This event is eligible for 1 ACHE Qualified Education Credit. It is offered free of charge, but registration is required.
Chris Mitchell, executive vice president, advocacy & public affairs, MHA, discussed staffing challenges impacting Michigan hospitals with FOX 17 Aug. 4.
The news segment focused on the CDC COVID-19 Reported Patient Impact and Hospital Capacity by State Timeseries, which reported five Michigan hospitals were experiencing critically low staffing. Mitchell discussed the stress and trauma healthcare workers experience while caring for COVID-19 patients and how that impact has led to burnout and healthcare workers leaving the hospital field. Mitchell also discussed steps hospitals have taken to address burnout and retain workers, while stressing the best way to help alleviate the pressure on hospital staff is to get the safe and effective COVID-19 vaccine.
“What we’ve seen is early retirements…we’ve seen some healthcare workers leave the acute care setting and go to home health or other industries where they can use their talents and not feel the stress and strain of dealing with this pandemic,” said Mitchell. “Particularly in some of our smaller communities these folks are caring for their friends, their neighbors, and that has a profound impact on individuals.”
“There is time for work. And time for love. That leaves no other time.” — Coco Chanel
Hospitals have displayed tremendous resiliency over the past year and a half responding to the COVID-19 pandemic. That resiliency has come from the healthcare heroes who have served on the front lines of this crisis and experienced extreme physical and mental stress over the course of three trying surges. Yet that toll has elevated staffing, an already existing concern, to the top of every hospital executive’s mind.
We have said throughout the pandemic that the most significant determining factor of a hospital’s capacity is not physical space, beds or technology — rather, it is available staffing. Even before the pandemic, we understood that healthcare staffing was a challenge. We currently have a population where the baby-boom generation is maturing, leading to an increased demand for healthcare services. It just so happens that many of those baby boomers also work in healthcare, and the incredible pressures brought about by the pandemic have accelerated their retirement plans.
On top of that dynamic, it has become very difficult for hospitals to recruit and retain staff in an increasingly competitive labor market where many opportunities exist outside of healthcare that offer competitive wages, signing bonuses, free or low-cost training, and the like. Nationally, 80% of nursing leaders have reported an increase in nurse turnover due to the pandemic. According to a 2021 study by Incredible Health, the demand for intensive care and emergency nurses grew by 186% over the past year. We are simply in a situation where the demand for labor currently outpaces supply, with 1.4 million job openings currently in the national healthcare sector according to the Labor Department’s Job Openings and Labor Turnover Summary. In Michigan, simply visiting the Careers webpage of your local hospitals will likely show the dramatic number of openings that are currently available.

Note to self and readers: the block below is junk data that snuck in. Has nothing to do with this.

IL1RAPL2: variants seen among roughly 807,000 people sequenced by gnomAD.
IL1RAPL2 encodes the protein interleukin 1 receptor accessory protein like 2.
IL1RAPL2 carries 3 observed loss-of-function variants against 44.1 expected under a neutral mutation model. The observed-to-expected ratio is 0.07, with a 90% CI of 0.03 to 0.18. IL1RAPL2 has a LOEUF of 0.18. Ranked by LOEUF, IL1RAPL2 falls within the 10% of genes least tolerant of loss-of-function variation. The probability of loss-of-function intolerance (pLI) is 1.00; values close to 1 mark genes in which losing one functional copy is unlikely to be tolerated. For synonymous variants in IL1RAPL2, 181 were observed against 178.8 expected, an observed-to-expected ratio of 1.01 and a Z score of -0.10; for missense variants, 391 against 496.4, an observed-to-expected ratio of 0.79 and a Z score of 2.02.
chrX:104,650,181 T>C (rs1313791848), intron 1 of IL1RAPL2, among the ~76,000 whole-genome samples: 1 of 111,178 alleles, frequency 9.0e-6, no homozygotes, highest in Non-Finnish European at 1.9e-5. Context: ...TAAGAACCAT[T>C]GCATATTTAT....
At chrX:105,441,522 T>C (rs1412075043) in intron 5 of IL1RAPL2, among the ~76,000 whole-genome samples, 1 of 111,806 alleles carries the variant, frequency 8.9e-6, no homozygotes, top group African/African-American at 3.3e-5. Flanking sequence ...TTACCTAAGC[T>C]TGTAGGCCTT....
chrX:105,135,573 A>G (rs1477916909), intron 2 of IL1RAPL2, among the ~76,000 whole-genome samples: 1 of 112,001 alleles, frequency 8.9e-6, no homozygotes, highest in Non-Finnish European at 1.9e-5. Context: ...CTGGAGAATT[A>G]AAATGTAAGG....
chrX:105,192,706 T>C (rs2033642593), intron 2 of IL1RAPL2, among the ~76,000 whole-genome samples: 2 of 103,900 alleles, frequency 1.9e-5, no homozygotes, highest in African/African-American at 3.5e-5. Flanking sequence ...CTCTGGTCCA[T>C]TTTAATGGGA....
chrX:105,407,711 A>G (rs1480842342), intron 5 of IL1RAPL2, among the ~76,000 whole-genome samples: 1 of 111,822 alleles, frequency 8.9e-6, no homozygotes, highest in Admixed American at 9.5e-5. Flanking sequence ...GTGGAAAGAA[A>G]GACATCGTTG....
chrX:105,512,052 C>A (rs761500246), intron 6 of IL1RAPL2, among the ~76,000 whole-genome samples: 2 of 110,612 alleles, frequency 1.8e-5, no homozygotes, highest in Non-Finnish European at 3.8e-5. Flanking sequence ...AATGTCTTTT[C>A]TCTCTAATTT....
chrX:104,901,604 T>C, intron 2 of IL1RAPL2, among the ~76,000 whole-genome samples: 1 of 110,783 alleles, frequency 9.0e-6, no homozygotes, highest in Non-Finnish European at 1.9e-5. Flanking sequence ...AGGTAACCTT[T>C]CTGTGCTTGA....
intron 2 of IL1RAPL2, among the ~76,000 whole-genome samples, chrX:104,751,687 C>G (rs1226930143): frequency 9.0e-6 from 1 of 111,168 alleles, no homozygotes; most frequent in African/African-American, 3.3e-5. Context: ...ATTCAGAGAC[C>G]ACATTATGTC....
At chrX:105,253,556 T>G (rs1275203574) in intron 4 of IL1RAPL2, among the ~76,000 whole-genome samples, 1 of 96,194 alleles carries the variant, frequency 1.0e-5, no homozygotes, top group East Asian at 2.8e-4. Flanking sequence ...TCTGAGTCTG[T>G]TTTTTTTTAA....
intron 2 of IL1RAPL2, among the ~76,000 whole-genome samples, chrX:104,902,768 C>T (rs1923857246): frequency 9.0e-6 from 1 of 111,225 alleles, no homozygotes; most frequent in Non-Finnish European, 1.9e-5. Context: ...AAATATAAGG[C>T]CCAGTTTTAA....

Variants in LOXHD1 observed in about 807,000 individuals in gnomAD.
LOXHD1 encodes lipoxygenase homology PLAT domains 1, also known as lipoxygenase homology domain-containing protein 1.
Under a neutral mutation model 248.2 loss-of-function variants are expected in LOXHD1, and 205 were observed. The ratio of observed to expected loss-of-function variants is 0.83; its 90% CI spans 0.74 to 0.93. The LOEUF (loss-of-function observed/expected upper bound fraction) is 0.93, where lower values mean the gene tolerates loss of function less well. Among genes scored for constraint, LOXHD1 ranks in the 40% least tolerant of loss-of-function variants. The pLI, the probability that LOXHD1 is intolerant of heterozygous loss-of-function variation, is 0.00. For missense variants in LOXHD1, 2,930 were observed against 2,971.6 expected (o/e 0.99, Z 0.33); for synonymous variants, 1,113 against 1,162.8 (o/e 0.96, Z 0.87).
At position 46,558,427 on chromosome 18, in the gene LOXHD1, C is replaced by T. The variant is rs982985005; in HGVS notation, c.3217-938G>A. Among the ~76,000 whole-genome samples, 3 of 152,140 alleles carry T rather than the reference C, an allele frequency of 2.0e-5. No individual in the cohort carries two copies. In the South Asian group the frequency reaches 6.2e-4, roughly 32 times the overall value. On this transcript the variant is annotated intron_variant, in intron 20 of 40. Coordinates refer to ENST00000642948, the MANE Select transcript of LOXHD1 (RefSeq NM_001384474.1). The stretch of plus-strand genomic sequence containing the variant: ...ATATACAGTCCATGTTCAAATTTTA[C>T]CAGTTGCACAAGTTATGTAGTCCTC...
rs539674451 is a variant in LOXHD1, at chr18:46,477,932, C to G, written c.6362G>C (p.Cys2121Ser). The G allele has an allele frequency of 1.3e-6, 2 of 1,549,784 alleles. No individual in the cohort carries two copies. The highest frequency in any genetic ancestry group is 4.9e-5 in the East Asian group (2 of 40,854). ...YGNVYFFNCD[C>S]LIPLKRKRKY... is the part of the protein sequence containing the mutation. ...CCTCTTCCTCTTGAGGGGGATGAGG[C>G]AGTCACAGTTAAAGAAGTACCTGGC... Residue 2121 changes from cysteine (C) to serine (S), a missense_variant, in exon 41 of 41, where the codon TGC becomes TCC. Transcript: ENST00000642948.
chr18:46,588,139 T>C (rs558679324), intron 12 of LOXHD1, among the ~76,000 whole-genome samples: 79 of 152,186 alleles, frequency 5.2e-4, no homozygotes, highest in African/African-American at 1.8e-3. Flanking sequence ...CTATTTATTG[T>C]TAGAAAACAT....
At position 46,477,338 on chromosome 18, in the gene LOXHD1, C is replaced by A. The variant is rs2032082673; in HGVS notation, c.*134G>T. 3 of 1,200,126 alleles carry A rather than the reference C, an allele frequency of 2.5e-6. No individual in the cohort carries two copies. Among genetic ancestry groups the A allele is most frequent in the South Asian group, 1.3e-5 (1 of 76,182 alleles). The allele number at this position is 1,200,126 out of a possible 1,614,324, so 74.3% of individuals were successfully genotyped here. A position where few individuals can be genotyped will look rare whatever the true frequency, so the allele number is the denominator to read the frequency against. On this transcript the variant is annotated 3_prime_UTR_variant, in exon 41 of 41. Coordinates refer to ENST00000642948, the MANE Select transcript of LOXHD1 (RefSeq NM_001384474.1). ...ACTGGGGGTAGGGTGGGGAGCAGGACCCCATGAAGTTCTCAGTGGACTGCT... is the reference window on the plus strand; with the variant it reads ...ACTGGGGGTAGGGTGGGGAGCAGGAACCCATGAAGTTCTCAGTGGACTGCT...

Lastly, pent-up demand for healthcare services has stretched existing staff over recent months, as those who were hesitant to receive care for fear of contracting COVID-19 delayed seeing a provider and are now visiting our emergency departments (EDs) at very high levels. In fact, we have seen a 16% increase in hospital ED visits during the latest quarter compared to pre-COVID times in the second quarter of 2019. This pent-up demand is increasing the pressure on our hospitals and staff as people use the ED as a point of entry to the healthcare system.
A contributing factor to the staffing shortage prior to the pandemic was the rate of stress and burnout in the healthcare setting. It is apparent that there are certain jobs, especially those dealing with direct patient care, where the burnout factor is especially pronounced. In response, the MHA has assisted our members in recent years in adopting the Quadruple Aim, a framework that focuses on achieving better healthcare outcomes and has the added goal of improving the mental wellness and work/life balance of healthcare providers to address the issue of burnout. The pandemic has added new urgency to this work.